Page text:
[lit-ideas] What is the difference between ...

Is there any difference between fascism, totalitarianism, autocracy, monarchy, aristocracy, oligarchy, plutocracy, theocracy, and dictatorship? All are forms of governance in which "an individual person or 'dictator', an assembly, a committee, a junta, or a party monopolizes political power by means of an official all-embracing ideology and propaganda disseminated through the state-controlled mass media, a single party that controls the state, the economy, regulation and restriction of free discussion and criticism, the use of mass surveillance, and widespread use of state terrorism" (thanks to Wiki for the wording). I will use the single term fascism to refer to all the above. Tribalism, feudalism, communism and capitalism have all thrived under fascism at times throughout history. There's nothing inherently fascistic about a communist economic system. The kibbutzim movement in Israel was founded and operated as pure communist societies for a while -- I don't know if any remain so. There's nothing inherently democratic about capitalism. Indeed, capitalism has never backed away from fascism when fascism suited its needs -- which has been rather frequent in the last 300 or so years. The communism of the Soviet Union was fascistic from the get-go, and those liberal intellectuals who embraced its iron fist as a necessary evil, an essential early stage of development into universal brotherhood were dupes of their own ideological mind-set. I get a kick out of Lawrence's need to paint liberals as illiberal and conservatives as the true liberals, especially considering the fact that conservatives have done everything in the book to turn "liberal" into a dirty word. Liberal liberals don't think that conservatives are evil. They believe that the social vision of conservatism will result in a hellish society, a return to the days of the Industrial Revolution, and I believe the liberals are right in believing that. And worse, liberals fear that conservatism values immediate profit over than the life of the planet.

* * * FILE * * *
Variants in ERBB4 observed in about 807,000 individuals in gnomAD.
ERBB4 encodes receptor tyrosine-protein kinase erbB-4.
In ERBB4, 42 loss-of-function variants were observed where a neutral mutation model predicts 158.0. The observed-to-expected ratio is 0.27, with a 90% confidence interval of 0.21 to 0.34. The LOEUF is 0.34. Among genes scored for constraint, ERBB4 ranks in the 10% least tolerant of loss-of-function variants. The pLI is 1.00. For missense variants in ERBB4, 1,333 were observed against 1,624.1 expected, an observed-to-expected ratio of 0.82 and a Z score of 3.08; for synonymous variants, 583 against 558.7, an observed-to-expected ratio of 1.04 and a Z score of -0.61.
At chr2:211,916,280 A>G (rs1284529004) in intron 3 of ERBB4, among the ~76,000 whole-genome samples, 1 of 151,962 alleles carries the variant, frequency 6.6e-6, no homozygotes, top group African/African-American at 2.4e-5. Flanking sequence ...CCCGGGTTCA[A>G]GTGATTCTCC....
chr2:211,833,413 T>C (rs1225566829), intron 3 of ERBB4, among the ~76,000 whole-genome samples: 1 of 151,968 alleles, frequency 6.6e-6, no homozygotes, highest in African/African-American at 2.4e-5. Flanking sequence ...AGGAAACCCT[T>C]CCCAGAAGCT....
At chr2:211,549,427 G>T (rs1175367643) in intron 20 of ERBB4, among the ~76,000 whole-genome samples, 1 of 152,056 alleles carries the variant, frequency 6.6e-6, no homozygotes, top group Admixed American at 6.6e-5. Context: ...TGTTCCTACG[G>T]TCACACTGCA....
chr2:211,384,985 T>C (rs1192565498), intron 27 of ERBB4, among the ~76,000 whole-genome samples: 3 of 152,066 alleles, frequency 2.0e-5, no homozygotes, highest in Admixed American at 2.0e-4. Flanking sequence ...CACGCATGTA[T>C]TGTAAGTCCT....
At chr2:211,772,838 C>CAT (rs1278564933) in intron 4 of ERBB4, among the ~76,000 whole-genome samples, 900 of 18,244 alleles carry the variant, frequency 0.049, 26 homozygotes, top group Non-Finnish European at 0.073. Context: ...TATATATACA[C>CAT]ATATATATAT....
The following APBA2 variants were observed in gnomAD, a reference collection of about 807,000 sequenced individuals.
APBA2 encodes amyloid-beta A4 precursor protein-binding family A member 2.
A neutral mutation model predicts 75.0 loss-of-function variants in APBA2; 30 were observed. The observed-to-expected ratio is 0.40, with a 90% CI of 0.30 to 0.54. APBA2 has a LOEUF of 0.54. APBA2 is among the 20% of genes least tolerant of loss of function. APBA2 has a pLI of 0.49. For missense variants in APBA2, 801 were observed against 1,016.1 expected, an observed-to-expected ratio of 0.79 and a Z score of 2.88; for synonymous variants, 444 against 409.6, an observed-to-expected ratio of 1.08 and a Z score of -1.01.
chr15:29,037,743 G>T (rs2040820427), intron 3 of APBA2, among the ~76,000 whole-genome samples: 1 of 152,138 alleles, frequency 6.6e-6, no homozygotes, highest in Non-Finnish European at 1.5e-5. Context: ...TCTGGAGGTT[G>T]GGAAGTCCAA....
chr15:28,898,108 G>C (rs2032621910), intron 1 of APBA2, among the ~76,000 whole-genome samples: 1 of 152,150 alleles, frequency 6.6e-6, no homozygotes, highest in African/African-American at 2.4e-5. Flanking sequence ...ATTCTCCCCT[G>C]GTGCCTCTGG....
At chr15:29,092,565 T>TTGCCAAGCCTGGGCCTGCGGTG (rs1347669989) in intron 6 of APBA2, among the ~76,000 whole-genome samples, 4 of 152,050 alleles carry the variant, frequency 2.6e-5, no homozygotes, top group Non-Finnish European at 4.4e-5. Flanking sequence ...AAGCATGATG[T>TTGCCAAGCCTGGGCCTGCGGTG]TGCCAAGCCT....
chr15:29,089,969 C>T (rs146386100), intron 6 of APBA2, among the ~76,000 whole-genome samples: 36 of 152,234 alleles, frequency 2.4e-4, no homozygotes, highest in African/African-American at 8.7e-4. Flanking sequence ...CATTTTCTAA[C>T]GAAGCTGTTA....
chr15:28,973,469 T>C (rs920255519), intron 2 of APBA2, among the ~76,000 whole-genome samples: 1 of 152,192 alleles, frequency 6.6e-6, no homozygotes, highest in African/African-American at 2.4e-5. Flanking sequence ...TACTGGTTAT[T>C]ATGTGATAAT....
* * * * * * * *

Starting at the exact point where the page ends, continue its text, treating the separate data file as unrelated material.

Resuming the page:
Eric, in his post about the poet-turned-book-banner, asks: "why is this syndrome more characteristic of liberal zealots than conservative zealots?" I don't believe that it is. Why that poet is being a fascist, I have no way of knowing. I would suspect that the tendency has always been there. But certainly it is not the liberals who try to have books banned from libraries, it is not liberals who have symbolic "book burnings" as some churches around here do. The moral watch-dogs have always been affiliated with conservatism, not liberalism in my experience. But of course, liberals can be fascists, too.

Mike Geary
Memphis


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